Next Friday at 2pm, Noel Cantwell’s daughters will bring his ashes to the County Cricket Club grounds on the Mardyke, where his all-round sporting prowess first started to shine. Cantwell batted for his country seven times and went on to play international soccer, winning 36 international caps and scoring 14 goals with the Republic of Ireland.
He also played rugby, but is probably best known for captaining Manchester United.
Cantwell also played with West Ham United and joined Manchester United in 1960, making 121 league appearances with them; winning two league titles and an FA Cup winner’s medals.
Noel Cantwell died in 2005, aged 73, and his ashes were kept by his wife, Maggie, at their home in England. She died just before Christmas and their daughters, Kate and Liz, requested that his ashes be scattered at the Cork County Cricket Club.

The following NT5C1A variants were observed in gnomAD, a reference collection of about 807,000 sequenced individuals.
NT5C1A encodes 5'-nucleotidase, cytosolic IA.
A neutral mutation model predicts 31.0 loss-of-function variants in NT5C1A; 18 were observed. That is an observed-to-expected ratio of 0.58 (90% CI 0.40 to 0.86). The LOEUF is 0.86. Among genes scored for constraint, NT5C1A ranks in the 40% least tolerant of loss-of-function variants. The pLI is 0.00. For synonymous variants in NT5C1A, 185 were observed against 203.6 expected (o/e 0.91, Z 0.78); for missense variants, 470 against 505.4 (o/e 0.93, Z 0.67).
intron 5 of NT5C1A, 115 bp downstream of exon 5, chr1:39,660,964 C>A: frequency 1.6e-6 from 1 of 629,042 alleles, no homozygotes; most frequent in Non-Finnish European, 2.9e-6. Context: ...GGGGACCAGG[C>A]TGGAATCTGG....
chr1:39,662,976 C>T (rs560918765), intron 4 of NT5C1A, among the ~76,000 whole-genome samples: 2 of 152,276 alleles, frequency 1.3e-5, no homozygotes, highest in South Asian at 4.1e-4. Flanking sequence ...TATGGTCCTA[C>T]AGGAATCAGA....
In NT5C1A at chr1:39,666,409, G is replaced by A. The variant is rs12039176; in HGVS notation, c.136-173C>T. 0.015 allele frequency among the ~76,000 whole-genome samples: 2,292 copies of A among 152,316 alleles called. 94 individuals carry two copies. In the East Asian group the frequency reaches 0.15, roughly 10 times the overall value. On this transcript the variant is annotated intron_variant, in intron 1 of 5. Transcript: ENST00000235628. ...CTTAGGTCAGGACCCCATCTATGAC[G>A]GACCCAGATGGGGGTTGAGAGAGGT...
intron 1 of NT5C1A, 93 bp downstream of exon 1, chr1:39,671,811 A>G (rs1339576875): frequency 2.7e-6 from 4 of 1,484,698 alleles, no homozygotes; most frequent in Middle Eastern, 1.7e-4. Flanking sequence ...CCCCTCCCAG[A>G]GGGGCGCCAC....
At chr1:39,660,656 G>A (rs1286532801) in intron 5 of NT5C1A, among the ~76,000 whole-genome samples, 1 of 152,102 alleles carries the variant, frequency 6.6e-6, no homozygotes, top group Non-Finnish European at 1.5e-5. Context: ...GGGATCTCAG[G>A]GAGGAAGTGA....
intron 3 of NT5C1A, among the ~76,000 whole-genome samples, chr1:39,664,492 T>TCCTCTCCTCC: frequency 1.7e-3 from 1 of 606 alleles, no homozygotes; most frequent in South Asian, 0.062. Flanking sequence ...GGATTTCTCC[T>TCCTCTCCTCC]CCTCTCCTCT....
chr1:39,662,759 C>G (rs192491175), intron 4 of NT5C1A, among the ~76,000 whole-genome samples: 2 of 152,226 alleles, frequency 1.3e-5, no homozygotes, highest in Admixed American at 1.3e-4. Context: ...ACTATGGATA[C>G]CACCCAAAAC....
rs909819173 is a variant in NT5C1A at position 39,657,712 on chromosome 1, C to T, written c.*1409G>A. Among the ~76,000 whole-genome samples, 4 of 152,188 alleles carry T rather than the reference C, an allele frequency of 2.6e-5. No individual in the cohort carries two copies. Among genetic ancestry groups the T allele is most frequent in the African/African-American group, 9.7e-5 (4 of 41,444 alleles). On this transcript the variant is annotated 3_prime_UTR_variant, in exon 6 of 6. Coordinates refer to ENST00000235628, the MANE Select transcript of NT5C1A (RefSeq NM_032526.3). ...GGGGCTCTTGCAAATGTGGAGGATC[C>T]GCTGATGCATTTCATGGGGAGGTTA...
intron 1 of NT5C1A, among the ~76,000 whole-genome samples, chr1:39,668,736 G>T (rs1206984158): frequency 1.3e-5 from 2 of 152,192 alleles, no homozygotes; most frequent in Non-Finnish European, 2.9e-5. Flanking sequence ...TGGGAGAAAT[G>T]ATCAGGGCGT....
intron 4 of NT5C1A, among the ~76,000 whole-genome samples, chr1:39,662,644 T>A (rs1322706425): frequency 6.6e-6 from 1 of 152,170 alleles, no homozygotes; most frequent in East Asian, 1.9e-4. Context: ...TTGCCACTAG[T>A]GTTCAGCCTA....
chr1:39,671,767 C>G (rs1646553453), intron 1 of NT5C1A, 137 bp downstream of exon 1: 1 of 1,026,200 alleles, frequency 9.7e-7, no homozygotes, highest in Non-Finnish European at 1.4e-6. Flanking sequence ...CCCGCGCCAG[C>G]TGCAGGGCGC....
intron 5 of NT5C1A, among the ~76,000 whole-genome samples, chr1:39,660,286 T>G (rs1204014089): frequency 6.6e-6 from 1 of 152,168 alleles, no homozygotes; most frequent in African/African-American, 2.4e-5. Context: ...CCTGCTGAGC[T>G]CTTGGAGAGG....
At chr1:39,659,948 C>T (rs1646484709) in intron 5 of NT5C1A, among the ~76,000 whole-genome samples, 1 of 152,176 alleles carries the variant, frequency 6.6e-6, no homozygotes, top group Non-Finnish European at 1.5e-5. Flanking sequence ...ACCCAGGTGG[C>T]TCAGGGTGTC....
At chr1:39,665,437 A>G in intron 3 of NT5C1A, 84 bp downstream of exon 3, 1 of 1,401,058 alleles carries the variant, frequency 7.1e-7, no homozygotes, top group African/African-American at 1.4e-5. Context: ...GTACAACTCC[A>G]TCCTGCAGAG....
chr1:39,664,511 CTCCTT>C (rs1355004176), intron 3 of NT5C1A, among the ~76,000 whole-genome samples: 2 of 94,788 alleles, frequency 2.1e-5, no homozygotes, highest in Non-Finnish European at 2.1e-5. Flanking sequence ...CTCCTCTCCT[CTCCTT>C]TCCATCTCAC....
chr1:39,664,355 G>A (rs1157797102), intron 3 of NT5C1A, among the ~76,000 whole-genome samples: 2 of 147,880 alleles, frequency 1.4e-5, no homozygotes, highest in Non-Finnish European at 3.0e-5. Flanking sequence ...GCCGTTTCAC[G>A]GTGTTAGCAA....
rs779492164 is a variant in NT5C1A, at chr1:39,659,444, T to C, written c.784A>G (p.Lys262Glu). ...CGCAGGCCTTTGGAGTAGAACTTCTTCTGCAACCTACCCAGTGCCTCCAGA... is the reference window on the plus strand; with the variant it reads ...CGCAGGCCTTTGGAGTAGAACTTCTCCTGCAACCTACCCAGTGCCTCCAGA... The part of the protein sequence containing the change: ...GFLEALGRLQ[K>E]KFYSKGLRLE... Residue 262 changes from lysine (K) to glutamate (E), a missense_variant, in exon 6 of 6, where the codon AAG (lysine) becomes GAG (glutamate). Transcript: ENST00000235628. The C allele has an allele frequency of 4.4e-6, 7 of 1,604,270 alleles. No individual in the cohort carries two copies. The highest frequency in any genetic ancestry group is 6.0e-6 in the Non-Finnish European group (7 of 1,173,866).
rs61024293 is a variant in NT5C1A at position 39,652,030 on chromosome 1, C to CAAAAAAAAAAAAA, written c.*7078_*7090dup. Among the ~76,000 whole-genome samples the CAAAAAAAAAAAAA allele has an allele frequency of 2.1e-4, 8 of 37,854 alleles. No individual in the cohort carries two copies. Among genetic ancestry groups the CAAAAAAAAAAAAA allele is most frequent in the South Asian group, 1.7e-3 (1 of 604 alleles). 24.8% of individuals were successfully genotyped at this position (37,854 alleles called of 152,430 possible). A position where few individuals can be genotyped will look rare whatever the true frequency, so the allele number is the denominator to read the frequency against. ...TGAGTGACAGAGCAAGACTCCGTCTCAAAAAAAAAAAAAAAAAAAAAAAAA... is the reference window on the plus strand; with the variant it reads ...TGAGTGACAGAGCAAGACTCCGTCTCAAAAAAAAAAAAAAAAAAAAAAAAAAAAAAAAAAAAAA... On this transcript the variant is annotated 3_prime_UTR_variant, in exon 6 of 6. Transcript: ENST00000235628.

In 2015, a laneway was named after the sporting legend near the Mardyke. The ceremony was attended by Roy Keane, FAI chief executive John Delaney, and rugby legends Tom Kiernan and Barry McCann.
Councillor Mick Finn said after the ceremony that he spoke with Cantwell’s daughters, who expressed the wish to bring his ashes to Cork.
They decided to follow through with the idea after their mother died.
“It’s fantastic that a Cork son will finally be returning home for the last time,” said Mr Finn. “It was fitting to name the walkway after somebody with such achievements and it was fitting that Roy Keane was there on that day because Noel Cantwell was the Roy Keane of his day.”